Survival Sports

What happens when your SCUBA tank goes wild!

What happens when your SCUBA tank goes wild!

Nicolas Kadis - Friday, August 19, 2016

Scuba tank safety

When you own your own tanks: bring them to a professional for filling and regular inspection.

Scuba Cylinders need to be visually inspected once a year which is a legal requirement. The scuba tank inspection involves removing the valve and looking inside for signs of corrosion or damage. If the tank is deemed safe, an Evidence of Inspection (EOI) sticker is applied to the tank showing the date of inspection.

A hydrostatic test is required every 5 years, this very high pressure test determines the tank's ability to contain pressurized gas. Survial Sports is a certified hydro test facility and we will stamp the shoulder of the tank below the valve with the date of pass.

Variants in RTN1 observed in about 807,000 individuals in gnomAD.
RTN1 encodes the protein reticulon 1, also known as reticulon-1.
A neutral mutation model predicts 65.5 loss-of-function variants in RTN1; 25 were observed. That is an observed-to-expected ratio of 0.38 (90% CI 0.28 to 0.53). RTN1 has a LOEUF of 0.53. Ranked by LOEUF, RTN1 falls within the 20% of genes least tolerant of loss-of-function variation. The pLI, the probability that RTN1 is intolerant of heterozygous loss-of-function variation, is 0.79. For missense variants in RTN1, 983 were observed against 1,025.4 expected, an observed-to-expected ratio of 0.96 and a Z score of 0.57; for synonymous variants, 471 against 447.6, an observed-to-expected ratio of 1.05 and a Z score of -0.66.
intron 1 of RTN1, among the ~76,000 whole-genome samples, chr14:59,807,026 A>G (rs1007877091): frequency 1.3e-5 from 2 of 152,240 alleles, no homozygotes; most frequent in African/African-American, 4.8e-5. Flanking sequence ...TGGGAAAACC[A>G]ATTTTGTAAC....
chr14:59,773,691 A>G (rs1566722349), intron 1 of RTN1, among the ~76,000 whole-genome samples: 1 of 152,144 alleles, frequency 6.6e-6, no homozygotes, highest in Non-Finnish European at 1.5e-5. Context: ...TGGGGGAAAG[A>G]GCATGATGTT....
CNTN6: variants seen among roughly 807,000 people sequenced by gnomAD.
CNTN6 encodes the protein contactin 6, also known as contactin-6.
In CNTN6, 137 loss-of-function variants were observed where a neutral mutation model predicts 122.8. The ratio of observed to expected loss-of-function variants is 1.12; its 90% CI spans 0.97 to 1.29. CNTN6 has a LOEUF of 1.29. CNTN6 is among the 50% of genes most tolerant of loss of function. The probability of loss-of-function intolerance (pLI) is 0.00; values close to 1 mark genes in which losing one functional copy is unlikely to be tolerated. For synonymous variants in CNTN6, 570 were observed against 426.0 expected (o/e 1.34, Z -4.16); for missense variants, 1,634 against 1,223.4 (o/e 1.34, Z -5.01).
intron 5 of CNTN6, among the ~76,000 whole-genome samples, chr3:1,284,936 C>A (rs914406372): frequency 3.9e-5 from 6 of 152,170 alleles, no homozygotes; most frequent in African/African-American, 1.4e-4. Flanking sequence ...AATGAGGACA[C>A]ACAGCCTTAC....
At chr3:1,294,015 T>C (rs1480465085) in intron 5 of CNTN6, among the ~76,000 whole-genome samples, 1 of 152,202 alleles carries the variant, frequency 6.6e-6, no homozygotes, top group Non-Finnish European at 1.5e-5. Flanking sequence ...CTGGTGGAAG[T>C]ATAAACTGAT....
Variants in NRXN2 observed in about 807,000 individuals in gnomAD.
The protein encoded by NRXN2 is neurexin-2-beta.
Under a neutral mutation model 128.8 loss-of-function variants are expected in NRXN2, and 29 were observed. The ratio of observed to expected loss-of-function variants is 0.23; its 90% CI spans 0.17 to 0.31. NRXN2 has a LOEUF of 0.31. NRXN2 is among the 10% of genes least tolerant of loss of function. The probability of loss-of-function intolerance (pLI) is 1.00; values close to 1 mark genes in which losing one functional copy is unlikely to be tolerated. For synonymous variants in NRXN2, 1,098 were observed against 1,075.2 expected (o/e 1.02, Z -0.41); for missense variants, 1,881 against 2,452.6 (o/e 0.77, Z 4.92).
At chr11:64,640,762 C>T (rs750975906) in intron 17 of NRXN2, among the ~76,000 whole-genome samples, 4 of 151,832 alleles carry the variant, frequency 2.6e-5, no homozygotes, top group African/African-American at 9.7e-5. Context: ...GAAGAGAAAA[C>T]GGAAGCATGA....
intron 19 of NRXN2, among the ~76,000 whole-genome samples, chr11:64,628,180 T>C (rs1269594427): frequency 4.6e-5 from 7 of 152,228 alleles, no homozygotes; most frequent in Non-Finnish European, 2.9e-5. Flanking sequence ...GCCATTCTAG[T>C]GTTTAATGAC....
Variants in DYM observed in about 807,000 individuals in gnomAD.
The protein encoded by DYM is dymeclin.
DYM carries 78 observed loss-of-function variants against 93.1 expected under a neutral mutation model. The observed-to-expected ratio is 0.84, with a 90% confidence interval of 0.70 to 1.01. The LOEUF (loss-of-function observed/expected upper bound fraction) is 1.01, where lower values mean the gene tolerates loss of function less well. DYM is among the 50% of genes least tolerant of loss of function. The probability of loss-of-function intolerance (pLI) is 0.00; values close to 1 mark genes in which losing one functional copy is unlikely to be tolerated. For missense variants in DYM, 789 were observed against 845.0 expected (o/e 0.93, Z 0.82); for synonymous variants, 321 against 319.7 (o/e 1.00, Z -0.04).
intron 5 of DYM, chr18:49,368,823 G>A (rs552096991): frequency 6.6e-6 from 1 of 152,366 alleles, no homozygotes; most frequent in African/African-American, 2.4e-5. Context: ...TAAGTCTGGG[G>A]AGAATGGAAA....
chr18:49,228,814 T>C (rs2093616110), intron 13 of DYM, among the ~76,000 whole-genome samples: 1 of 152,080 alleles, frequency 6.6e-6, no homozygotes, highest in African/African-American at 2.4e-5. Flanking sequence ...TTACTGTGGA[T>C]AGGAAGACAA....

If you rent equipment, this inspection makes it easy for you to know if your rented tank has been properly maintained and inspected. If the hydrostatic test stamp is more than 5 years old or the EOI sticker is more than a year old, don't accept the tank.

Corrosion is the major cause of tank degradation. Scuba tanks are filled with very dry air which prevents moisture to build up in the interior of the tank. Certified divers learn never to leave a tank empty. Always leave at least 50 barsi of pressure in the tank at the end of your dive, so no moisture can get in when valves are opened.


Handle all scuba tanks with extreme caution! Never let them fall down.



Please watch the below video produced by the Swiss firebrigade that shows what happens when a tank valve breaks!



The tests were made by the Swiss Firefighters Federation after several incidents have occurred during operation or training, with steel or composite tanks. The last one shows a tank with a flow limitation valve. These valves are now mandatory for use in Switzerland.


Some SCUBA tanks


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